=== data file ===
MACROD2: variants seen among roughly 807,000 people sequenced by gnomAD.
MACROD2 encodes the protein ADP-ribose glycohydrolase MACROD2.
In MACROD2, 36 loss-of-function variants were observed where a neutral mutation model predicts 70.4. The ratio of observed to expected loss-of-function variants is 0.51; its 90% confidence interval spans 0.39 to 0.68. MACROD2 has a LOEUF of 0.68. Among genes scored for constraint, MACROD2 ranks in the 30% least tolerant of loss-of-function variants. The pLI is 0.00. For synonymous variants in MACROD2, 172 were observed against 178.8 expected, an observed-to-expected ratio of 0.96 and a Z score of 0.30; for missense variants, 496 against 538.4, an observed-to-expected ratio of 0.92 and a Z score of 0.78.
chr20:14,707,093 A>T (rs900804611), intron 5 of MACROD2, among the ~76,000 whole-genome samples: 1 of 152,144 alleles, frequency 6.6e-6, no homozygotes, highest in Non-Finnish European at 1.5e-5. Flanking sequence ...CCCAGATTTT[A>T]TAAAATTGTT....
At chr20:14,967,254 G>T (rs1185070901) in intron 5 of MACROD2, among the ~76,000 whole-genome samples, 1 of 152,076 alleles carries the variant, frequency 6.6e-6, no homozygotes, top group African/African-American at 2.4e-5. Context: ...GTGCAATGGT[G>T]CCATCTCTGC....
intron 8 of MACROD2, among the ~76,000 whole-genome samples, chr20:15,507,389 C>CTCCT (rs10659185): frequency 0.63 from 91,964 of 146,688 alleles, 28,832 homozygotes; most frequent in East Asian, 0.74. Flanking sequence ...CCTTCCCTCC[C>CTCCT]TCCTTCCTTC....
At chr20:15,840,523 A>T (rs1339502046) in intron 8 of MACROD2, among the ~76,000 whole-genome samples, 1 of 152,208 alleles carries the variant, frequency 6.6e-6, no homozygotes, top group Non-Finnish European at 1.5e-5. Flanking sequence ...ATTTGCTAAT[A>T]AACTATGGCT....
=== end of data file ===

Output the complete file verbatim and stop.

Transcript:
MACROD2: variants seen among roughly 807,000 people sequenced by gnomAD.
MACROD2 encodes the protein ADP-ribose glycohydrolase MACROD2.
In MACROD2, 36 loss-of-function variants were observed where a neutral mutation model predicts 70.4. The ratio of observed to expected loss-of-function variants is 0.51; its 90% confidence interval spans 0.39 to 0.68. MACROD2 has a LOEUF of 0.68. Among genes scored for constraint, MACROD2 ranks in the 30% least tolerant of loss-of-function variants. The pLI is 0.00. For synonymous variants in MACROD2, 172 were observed against 178.8 expected, an observed-to-expected ratio of 0.96 and a Z score of 0.30; for missense variants, 496 against 538.4, an observed-to-expected ratio of 0.92 and a Z score of 0.78.
chr20:14,707,093 A>T (rs900804611), intron 5 of MACROD2, among the ~76,000 whole-genome samples: 1 of 152,144 alleles, frequency 6.6e-6, no homozygotes, highest in Non-Finnish European at 1.5e-5. Flanking sequence ...CCCAGATTTT[A>T]TAAAATTGTT....
At chr20:14,967,254 G>T (rs1185070901) in intron 5 of MACROD2, among the ~76,000 whole-genome samples, 1 of 152,076 alleles carries the variant, frequency 6.6e-6, no homozygotes, top group African/African-American at 2.4e-5. Context: ...GTGCAATGGT[G>T]CCATCTCTGC....
intron 8 of MACROD2, among the ~76,000 whole-genome samples, chr20:15,507,389 C>CTCCT (rs10659185): frequency 0.63 from 91,964 of 146,688 alleles, 28,832 homozygotes; most frequent in East Asian, 0.74. Flanking sequence ...CCTTCCCTCC[C>CTCCT]TCCTTCCTTC....
At chr20:15,840,523 A>T (rs1339502046) in intron 8 of MACROD2, among the ~76,000 whole-genome samples, 1 of 152,208 alleles carries the variant, frequency 6.6e-6, no homozygotes, top group Non-Finnish European at 1.5e-5. Flanking sequence ...ATTTGCTAAT[A>T]AACTATGGCT....